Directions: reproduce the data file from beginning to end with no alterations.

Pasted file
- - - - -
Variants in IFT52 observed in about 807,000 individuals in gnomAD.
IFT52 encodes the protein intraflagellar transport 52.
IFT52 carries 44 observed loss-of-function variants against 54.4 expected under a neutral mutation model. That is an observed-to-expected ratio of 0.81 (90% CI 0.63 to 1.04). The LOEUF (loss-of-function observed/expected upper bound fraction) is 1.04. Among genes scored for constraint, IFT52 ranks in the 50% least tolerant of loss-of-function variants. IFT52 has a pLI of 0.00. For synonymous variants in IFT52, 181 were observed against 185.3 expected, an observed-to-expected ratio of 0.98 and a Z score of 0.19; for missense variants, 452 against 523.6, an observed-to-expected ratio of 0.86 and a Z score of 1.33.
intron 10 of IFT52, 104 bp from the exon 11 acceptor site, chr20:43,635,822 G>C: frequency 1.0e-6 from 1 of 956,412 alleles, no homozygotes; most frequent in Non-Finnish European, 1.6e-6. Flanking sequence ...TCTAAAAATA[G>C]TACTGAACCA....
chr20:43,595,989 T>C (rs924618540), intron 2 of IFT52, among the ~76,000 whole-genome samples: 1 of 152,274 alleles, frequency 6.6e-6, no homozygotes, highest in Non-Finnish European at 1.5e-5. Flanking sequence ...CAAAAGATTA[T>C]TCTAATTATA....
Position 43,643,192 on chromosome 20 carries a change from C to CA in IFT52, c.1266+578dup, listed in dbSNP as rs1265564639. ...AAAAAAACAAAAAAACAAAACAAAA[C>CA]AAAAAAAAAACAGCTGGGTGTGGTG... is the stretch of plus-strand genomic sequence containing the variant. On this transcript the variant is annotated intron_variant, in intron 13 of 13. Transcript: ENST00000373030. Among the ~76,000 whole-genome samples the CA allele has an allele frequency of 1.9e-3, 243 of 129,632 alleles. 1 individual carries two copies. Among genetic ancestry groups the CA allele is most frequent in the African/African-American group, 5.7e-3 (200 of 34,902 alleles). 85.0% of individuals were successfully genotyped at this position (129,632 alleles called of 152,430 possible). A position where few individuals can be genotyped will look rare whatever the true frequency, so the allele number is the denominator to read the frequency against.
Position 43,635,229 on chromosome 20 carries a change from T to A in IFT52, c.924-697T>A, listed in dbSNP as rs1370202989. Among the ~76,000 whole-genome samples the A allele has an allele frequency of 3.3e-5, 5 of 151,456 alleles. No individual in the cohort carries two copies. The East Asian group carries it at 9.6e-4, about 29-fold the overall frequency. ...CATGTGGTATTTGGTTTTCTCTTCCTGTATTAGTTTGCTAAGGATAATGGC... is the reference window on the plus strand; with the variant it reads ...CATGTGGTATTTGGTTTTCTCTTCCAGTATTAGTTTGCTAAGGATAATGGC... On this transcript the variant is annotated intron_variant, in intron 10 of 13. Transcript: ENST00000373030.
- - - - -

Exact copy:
Variants in IFT52 observed in about 807,000 individuals in gnomAD.
IFT52 encodes the protein intraflagellar transport 52.
IFT52 carries 44 observed loss-of-function variants against 54.4 expected under a neutral mutation model. That is an observed-to-expected ratio of 0.81 (90% CI 0.63 to 1.04). The LOEUF (loss-of-function observed/expected upper bound fraction) is 1.04. Among genes scored for constraint, IFT52 ranks in the 50% least tolerant of loss-of-function variants. IFT52 has a pLI of 0.00. For synonymous variants in IFT52, 181 were observed against 185.3 expected, an observed-to-expected ratio of 0.98 and a Z score of 0.19; for missense variants, 452 against 523.6, an observed-to-expected ratio of 0.86 and a Z score of 1.33.
intron 10 of IFT52, 104 bp from the exon 11 acceptor site, chr20:43,635,822 G>C: frequency 1.0e-6 from 1 of 956,412 alleles, no homozygotes; most frequent in Non-Finnish European, 1.6e-6. Flanking sequence ...TCTAAAAATA[G>C]TACTGAACCA....
chr20:43,595,989 T>C (rs924618540), intron 2 of IFT52, among the ~76,000 whole-genome samples: 1 of 152,274 alleles, frequency 6.6e-6, no homozygotes, highest in Non-Finnish European at 1.5e-5. Flanking sequence ...CAAAAGATTA[T>C]TCTAATTATA....
Position 43,643,192 on chromosome 20 carries a change from C to CA in IFT52, c.1266+578dup, listed in dbSNP as rs1265564639. ...AAAAAAACAAAAAAACAAAACAAAA[C>CA]AAAAAAAAAACAGCTGGGTGTGGTG... is the stretch of plus-strand genomic sequence containing the variant. On this transcript the variant is annotated intron_variant, in intron 13 of 13. Transcript: ENST00000373030. Among the ~76,000 whole-genome samples the CA allele has an allele frequency of 1.9e-3, 243 of 129,632 alleles. 1 individual carries two copies. Among genetic ancestry groups the CA allele is most frequent in the African/African-American group, 5.7e-3 (200 of 34,902 alleles). 85.0% of individuals were successfully genotyped at this position (129,632 alleles called of 152,430 possible). A position where few individuals can be genotyped will look rare whatever the true frequency, so the allele number is the denominator to read the frequency against.
Position 43,635,229 on chromosome 20 carries a change from T to A in IFT52, c.924-697T>A, listed in dbSNP as rs1370202989. Among the ~76,000 whole-genome samples the A allele has an allele frequency of 3.3e-5, 5 of 151,456 alleles. No individual in the cohort carries two copies. The East Asian group carries it at 9.6e-4, about 29-fold the overall frequency. ...CATGTGGTATTTGGTTTTCTCTTCCTGTATTAGTTTGCTAAGGATAATGGC... is the reference window on the plus strand; with the variant it reads ...CATGTGGTATTTGGTTTTCTCTTCCAGTATTAGTTTGCTAAGGATAATGGC... On this transcript the variant is annotated intron_variant, in intron 10 of 13. Transcript: ENST00000373030.